By Martha Rogers
Like the raindrops in the song, these stories keep falling on head and filling it with ideas. Peg Phifer posted a quote on our Novel Track writing loop, and it suits me to a T. “GOD PUT ME HERE TO ACCOMPLISH A CERTAIN NUMBER OF THINGS. AT THIS RATE, I’LL NEVER DIE!”
That’s exactly how I feel about all the stories floating around in my brain. The only thing to do about them is to write down every idea. I did that and then put them in the order I wanted to write them. Five of them have been contracted as novellas, so those went to the top of the list in order by deadline.
Where do those story ideas originate? I see stories all around me. A vivid imagination creates all sorts of scenarios that can become full blown stories. My mother always scolded me for the embellishments I gave to ordinary events and as excuses for things I had done. She’d take me by the shoulders, look me in the eye and say, “Now, tell me the real story about what happened.”
Use your own imagination to find story ideas. You have one or you wouldn’t be writing at all. Following are sources I use to build my story idea bank.
1. Personal or real-life events or conflicts: Use the journey you take to understanding and resolving conflict to develop a plot for a character to do the same.
2. Disappointments in life: Heartache from a disappointment can be a stepping stone to a story of encouragement and how God can take the disappointments and use them for good.
3. News Events: What is happening in the world around us can become an excellent foundation for a great fiction story. Put your own spin on it and write it from your perspective or a “what if” situation.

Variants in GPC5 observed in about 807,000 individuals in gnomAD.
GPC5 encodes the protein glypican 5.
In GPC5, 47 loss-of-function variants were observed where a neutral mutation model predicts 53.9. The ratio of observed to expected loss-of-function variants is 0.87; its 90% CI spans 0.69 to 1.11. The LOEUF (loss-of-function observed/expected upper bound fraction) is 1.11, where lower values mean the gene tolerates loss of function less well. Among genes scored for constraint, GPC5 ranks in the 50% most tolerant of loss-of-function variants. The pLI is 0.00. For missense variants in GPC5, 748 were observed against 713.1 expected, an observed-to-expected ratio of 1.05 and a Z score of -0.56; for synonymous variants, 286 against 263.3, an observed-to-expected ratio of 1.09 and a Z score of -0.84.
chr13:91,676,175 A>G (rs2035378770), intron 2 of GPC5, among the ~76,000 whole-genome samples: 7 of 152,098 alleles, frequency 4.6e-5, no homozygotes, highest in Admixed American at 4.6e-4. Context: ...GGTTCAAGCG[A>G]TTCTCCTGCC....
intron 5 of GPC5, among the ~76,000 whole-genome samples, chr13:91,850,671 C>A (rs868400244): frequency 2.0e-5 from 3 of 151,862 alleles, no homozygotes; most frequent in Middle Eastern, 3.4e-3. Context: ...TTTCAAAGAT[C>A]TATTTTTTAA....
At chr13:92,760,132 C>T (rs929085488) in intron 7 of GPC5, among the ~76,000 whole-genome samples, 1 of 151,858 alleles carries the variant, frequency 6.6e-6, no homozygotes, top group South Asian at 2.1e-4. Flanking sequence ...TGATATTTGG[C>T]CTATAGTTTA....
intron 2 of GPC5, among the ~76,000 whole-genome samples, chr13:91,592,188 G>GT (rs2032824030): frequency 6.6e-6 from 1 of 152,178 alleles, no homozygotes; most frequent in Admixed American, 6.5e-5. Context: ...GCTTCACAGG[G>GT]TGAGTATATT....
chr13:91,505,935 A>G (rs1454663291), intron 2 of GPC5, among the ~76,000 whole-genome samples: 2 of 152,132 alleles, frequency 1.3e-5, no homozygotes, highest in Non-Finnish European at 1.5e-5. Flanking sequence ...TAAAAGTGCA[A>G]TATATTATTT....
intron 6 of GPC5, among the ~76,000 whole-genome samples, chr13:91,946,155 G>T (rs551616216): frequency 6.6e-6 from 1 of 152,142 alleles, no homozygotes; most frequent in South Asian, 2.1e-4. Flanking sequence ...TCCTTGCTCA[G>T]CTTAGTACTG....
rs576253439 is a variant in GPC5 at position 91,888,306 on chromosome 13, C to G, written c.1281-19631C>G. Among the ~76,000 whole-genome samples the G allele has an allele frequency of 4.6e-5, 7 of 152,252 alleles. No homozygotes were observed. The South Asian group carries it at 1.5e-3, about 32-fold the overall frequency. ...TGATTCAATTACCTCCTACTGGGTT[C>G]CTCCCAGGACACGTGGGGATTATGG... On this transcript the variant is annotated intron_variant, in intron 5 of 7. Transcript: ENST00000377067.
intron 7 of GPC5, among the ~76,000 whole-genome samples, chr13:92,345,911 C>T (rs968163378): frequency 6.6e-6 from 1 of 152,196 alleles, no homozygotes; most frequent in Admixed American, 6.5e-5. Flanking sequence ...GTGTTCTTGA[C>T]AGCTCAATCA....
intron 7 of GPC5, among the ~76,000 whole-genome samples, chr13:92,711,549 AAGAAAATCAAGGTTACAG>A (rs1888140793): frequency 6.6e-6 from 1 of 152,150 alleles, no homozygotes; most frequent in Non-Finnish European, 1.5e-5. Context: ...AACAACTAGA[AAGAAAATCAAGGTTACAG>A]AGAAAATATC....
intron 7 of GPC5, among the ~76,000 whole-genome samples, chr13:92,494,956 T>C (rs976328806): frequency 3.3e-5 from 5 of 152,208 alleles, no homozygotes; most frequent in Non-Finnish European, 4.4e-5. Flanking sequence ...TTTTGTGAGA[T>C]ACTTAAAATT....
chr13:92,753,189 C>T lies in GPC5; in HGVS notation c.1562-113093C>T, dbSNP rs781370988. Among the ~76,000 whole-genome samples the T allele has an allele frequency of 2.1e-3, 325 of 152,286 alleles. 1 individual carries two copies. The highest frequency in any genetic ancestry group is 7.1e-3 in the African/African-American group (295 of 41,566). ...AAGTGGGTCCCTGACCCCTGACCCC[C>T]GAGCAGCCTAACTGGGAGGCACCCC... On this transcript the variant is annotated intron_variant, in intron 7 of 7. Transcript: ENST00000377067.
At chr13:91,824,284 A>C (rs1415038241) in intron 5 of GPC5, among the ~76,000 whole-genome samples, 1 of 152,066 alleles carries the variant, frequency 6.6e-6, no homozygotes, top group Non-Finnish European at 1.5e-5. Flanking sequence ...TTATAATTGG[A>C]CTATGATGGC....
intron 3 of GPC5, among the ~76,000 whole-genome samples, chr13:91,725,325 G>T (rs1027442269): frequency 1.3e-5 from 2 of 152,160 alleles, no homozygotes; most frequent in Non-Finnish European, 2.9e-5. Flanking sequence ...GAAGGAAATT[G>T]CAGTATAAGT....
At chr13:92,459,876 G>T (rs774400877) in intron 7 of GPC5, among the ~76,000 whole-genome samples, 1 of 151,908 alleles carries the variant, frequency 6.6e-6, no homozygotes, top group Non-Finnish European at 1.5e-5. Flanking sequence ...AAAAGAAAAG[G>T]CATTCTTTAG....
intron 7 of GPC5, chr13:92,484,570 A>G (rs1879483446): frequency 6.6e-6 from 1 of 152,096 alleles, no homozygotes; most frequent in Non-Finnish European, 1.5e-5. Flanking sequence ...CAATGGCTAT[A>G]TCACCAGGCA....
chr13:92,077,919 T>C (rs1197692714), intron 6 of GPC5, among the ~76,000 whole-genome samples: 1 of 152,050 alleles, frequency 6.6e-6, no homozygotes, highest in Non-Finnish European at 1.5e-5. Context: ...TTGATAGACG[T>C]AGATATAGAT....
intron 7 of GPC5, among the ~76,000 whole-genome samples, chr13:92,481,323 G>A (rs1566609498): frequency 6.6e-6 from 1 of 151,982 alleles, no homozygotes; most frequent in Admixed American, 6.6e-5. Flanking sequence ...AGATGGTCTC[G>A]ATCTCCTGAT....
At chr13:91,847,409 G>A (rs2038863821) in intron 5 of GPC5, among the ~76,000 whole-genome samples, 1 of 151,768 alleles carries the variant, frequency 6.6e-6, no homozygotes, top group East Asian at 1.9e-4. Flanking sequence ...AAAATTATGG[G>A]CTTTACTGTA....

4. Other books, TV shows, movies, song lyrics: Take something old and familiar and put a new spin on it or give it a new twist. Fairy tales and Bible stories are excellent examples of how writers have taken the familiar and made them new.
5. Hobbies or Interests: Hobbies can make a great character interest in a novel. A novella series with which I was involved was about the ladies of a garden club and their prize-winning gardens. Another group of authors wrote a series of articles with quilting as the theme.
6. Obituaries: A great place to get names for characters and interesting facts about people’s lives that can spark the imagination.
7. The Bible: This is perhaps the greatest source for story ideas. Murder, mayhem, loyalty, great love, devotion to a cause, leadership, conspiracy all lead to great story ideas. Give the Bible a new twist or set it in modern times and retell it in contemporary language. Many successful novels are based on a real character using what is known and adding events to make it into an inspiring story.
Maybe this will inspire you with an idea for your next novel. Happy writing.
Martha Rogers is a free-lance writer and frequent speaker for writing workshops and is a member of the Woodlands Chapter of ACFW. She is a retired teacher and lives in Houston with her husband, Rex. Their favorite pastime is spending time with their eleven grandchildren and three great-grandchildren.